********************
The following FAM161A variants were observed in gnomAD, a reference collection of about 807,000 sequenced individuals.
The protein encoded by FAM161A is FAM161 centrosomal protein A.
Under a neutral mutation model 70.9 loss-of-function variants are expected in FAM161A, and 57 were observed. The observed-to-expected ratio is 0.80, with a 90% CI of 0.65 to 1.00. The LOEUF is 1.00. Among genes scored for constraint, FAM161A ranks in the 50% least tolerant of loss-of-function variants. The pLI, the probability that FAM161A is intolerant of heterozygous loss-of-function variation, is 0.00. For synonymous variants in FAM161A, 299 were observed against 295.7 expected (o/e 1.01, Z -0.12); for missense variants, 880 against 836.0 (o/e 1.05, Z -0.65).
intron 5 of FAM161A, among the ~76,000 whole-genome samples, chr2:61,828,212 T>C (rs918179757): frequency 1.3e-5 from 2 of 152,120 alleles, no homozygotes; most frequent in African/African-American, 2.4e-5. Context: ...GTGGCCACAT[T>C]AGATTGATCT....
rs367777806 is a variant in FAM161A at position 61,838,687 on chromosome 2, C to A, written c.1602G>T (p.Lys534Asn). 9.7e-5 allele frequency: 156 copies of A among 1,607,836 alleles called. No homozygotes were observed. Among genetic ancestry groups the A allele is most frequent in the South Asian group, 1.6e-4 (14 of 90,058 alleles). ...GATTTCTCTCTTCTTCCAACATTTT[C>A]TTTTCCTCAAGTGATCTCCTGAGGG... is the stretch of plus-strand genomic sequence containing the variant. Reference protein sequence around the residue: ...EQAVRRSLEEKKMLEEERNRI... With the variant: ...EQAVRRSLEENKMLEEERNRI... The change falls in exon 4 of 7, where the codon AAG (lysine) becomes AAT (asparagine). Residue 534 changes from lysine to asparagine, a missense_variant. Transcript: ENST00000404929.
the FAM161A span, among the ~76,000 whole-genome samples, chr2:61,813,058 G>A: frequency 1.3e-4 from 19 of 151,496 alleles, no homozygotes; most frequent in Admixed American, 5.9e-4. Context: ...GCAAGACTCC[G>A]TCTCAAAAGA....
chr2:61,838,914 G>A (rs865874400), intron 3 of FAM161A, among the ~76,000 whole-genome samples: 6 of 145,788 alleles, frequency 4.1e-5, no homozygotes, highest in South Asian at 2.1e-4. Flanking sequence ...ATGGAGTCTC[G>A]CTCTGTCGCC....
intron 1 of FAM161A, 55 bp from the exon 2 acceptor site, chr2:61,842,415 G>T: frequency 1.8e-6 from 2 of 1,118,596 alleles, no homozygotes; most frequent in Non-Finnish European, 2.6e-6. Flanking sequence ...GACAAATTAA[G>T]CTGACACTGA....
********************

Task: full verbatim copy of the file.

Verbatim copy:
The following FAM161A variants were observed in gnomAD, a reference collection of about 807,000 sequenced individuals.
The protein encoded by FAM161A is FAM161 centrosomal protein A.
Under a neutral mutation model 70.9 loss-of-function variants are expected in FAM161A, and 57 were observed. The observed-to-expected ratio is 0.80, with a 90% CI of 0.65 to 1.00. The LOEUF is 1.00. Among genes scored for constraint, FAM161A ranks in the 50% least tolerant of loss-of-function variants. The pLI, the probability that FAM161A is intolerant of heterozygous loss-of-function variation, is 0.00. For synonymous variants in FAM161A, 299 were observed against 295.7 expected (o/e 1.01, Z -0.12); for missense variants, 880 against 836.0 (o/e 1.05, Z -0.65).
intron 5 of FAM161A, among the ~76,000 whole-genome samples, chr2:61,828,212 T>C (rs918179757): frequency 1.3e-5 from 2 of 152,120 alleles, no homozygotes; most frequent in African/African-American, 2.4e-5. Context: ...GTGGCCACAT[T>C]AGATTGATCT....
rs367777806 is a variant in FAM161A at position 61,838,687 on chromosome 2, C to A, written c.1602G>T (p.Lys534Asn). 9.7e-5 allele frequency: 156 copies of A among 1,607,836 alleles called. No homozygotes were observed. Among genetic ancestry groups the A allele is most frequent in the South Asian group, 1.6e-4 (14 of 90,058 alleles). ...GATTTCTCTCTTCTTCCAACATTTT[C>A]TTTTCCTCAAGTGATCTCCTGAGGG... is the stretch of plus-strand genomic sequence containing the variant. Reference protein sequence around the residue: ...EQAVRRSLEEKKMLEEERNRI... With the variant: ...EQAVRRSLEENKMLEEERNRI... The change falls in exon 4 of 7, where the codon AAG (lysine) becomes AAT (asparagine). Residue 534 changes from lysine to asparagine, a missense_variant. Transcript: ENST00000404929.
the FAM161A span, among the ~76,000 whole-genome samples, chr2:61,813,058 G>A: frequency 1.3e-4 from 19 of 151,496 alleles, no homozygotes; most frequent in Admixed American, 5.9e-4. Context: ...GCAAGACTCC[G>A]TCTCAAAAGA....
chr2:61,838,914 G>A (rs865874400), intron 3 of FAM161A, among the ~76,000 whole-genome samples: 6 of 145,788 alleles, frequency 4.1e-5, no homozygotes, highest in South Asian at 2.1e-4. Flanking sequence ...ATGGAGTCTC[G>A]CTCTGTCGCC....
intron 1 of FAM161A, 55 bp from the exon 2 acceptor site, chr2:61,842,415 G>T: frequency 1.8e-6 from 2 of 1,118,596 alleles, no homozygotes; most frequent in Non-Finnish European, 2.6e-6. Flanking sequence ...GACAAATTAA[G>T]CTGACACTGA....